In a fraudulent-transfer lawsuit arising out of a bankruptcy action, a Florida bankruptcy court ruled that a defendant-bank’s assertion of a good-faith defense waived the attorney–client privilege over emails between bank employees and its counsel. The court, however, limited the waiver to documents evidencing the bank’s state-of-mind during the period of the alleged improper transfers. In re: Mongelluzzi, 2017 WL 1843049 (Bankr. M.D. Fla. May 8, 2017). You may read the decision here.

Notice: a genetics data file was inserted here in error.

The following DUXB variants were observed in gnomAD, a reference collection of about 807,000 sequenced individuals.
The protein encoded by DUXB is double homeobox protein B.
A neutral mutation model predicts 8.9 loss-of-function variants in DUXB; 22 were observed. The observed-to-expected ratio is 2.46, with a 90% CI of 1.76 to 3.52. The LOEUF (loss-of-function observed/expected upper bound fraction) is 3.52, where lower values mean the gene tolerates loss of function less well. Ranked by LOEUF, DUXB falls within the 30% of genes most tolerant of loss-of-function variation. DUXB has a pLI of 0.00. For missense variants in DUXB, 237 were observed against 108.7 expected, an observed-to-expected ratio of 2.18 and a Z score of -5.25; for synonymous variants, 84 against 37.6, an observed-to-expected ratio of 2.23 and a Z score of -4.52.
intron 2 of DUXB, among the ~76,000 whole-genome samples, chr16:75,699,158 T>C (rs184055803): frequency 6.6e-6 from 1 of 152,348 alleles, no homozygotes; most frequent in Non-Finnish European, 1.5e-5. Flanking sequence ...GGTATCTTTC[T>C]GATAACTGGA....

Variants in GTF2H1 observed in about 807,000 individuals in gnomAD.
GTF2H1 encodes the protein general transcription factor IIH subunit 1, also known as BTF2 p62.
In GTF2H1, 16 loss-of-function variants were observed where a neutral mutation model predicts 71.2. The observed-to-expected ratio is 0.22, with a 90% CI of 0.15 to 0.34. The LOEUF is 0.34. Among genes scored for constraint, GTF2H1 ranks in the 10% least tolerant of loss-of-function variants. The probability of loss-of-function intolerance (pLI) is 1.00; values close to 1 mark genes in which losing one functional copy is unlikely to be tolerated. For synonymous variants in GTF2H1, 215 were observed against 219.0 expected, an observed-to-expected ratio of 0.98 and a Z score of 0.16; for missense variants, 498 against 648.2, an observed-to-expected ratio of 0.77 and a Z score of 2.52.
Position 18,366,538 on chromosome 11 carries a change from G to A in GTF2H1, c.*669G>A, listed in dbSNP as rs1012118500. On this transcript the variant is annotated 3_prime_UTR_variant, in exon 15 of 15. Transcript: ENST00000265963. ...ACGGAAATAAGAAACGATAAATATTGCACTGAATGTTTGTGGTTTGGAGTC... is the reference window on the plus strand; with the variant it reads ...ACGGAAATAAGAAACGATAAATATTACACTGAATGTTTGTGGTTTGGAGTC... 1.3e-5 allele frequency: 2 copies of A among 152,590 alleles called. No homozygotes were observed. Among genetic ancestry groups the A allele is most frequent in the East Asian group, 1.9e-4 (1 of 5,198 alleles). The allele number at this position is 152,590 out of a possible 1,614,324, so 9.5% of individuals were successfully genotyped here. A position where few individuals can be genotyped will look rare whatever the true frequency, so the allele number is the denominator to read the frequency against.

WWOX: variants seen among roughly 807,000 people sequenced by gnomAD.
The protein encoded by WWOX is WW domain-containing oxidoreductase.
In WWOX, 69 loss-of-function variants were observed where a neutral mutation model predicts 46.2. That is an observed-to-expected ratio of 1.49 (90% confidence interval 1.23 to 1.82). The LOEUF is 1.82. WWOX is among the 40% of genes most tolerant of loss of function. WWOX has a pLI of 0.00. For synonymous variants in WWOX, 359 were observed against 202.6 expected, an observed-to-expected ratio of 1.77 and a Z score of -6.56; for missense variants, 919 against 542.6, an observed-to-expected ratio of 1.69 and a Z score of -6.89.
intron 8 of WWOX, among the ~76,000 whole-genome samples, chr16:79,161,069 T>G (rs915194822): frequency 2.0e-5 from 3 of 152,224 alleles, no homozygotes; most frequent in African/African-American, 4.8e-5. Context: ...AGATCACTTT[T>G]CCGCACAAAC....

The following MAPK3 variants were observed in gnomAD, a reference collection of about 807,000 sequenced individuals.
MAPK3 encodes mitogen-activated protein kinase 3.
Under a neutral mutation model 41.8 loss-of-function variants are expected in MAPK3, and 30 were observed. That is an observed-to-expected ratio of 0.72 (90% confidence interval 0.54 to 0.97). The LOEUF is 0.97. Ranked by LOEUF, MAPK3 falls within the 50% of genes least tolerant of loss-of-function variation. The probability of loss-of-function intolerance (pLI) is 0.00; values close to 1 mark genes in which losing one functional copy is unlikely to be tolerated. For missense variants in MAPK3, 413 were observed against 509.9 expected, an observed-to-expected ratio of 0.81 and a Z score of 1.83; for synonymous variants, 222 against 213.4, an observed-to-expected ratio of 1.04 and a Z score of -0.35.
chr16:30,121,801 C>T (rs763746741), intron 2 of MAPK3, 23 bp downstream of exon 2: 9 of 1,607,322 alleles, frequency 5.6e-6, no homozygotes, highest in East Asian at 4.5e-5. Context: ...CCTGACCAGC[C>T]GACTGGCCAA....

Frank Mongelluzzi owned and operated several companies, and he and his business entities maintained 61 accounts at a regional bank. After Mongelluzzi and his companies filed bankruptcy, the bankruptcy trustees filed various complaints against the bank seeking to avoid allegedly fraudulent transfers under 11 U.S.C. § 548.
The trustees claimed that Mongelluzzi and his companies had engaged in a check-kiting scheme, that the bank had knowledge of this scheme, and that the bank devised a controlled exit strategy to reduce its financial exposure from $25M to $3M.
Good-Faith Defense and At-Issue Waiver